We will evaluate our related risk assessment processes and implement measures designed to ensure that control deficiencies contributing to this material weakness are remediated, such that controls, including ITGCs and monitoring controls, are designed, implemented, and operating effectively. We will not be able to fully remediate this material weakness, however, until the controls are designed, implemented and operate for a sufficient period of time and management has concluded, through testing, that these controls are operating effectively. Furthermore, we cannot assure you that the measures we have taken to date, and actions we may take in the future, will be sufficient to remediate the control deficiencies that led to the material weakness in our internal control over financial reporting or that they will prevent or avoid potential future material weaknesses. If we are unable to successfully remediate the existing or any future material weaknesses in our internal control over financial reporting, or identify any additional material weaknesses, the accuracy and timing of our financial reporting may be adversely affected, we may be unable to maintain compliance with securities law requirements regarding timely filing of periodic reports in addition to the New York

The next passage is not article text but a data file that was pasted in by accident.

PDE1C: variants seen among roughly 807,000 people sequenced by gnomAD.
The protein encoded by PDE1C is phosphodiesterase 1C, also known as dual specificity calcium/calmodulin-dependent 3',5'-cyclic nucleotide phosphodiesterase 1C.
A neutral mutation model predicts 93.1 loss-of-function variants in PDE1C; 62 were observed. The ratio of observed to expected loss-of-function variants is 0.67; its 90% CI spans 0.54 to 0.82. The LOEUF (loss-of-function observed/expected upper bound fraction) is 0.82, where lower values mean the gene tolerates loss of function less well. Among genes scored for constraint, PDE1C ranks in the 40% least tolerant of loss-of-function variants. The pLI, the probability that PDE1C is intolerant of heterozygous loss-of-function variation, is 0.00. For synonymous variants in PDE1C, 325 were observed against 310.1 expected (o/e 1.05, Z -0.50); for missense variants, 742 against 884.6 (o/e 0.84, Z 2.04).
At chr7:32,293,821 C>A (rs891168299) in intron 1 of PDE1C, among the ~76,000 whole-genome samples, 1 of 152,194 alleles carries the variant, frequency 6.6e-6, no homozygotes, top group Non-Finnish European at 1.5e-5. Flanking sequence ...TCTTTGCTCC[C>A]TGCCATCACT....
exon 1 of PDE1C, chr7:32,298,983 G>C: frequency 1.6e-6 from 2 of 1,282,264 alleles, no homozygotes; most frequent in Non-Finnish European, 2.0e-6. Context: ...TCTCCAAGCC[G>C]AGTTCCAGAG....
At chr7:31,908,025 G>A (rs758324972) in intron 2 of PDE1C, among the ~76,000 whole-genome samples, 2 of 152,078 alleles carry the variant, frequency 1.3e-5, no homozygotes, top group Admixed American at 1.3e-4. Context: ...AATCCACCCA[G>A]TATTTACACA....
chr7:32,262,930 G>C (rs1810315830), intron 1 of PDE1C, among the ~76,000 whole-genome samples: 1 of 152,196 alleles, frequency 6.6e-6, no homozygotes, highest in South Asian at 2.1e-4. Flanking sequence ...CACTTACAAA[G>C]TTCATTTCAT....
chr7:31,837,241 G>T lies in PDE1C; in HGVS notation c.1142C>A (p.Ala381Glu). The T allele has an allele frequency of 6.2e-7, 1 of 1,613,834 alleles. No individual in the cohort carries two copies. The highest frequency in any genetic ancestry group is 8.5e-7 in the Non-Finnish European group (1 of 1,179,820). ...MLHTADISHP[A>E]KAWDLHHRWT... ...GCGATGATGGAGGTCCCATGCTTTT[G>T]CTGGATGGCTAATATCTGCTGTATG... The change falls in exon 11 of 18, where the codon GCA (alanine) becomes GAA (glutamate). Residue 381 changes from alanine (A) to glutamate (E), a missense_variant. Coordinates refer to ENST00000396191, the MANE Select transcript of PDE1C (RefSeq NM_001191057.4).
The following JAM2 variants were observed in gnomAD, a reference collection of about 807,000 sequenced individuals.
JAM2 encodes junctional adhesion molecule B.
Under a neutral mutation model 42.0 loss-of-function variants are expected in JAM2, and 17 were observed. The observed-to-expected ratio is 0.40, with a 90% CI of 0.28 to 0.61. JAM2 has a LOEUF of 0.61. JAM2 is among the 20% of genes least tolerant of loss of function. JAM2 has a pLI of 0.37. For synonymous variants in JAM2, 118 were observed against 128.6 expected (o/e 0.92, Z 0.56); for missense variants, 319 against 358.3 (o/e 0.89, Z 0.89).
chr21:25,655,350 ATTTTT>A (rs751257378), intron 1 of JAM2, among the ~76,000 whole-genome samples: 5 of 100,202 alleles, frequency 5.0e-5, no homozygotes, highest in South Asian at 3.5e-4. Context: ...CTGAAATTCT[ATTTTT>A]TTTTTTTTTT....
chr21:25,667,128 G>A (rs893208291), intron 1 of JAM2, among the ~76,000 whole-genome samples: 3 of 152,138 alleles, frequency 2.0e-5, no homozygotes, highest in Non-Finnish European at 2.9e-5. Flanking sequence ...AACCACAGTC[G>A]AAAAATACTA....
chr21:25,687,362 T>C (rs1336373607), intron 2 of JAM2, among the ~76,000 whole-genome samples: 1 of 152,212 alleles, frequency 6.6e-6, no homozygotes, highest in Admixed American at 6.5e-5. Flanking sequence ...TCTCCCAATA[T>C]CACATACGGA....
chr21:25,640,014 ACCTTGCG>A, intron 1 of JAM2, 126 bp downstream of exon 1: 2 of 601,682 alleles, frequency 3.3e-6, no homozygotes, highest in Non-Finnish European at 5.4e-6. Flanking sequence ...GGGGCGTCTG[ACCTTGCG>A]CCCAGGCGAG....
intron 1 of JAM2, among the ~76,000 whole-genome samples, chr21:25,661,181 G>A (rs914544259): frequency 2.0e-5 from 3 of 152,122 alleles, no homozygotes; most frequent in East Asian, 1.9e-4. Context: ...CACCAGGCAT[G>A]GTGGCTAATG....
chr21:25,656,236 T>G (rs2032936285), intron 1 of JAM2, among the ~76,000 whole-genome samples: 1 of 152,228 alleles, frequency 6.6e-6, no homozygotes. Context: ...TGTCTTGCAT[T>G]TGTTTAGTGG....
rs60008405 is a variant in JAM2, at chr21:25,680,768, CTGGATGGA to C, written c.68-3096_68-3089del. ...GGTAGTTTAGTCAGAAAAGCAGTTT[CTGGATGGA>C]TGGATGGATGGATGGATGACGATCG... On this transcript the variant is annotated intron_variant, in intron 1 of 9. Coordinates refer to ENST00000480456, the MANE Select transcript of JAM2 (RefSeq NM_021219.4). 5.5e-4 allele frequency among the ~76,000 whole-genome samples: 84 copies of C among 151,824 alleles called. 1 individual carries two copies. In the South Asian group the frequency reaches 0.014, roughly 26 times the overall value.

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Stock Exchange listing requirements, investors may lose confidence in our financial reporting, and our share price may decline as a result.

We may be subject to liability under and may make substantial future expenditures to comply with environmental laws and regulations, which could materially adversely affect our financial condition, liquidity or results of operations.

We are involved with environmental investigation and remediation activities for which our ultimate liability may exceed the currently estimated and accrued amounts. It is possible that we could become subject to additional environmental matters and corresponding liabilities in the future. See Note 22 to the Consolidated Financial Statements for further information related to environmental matters.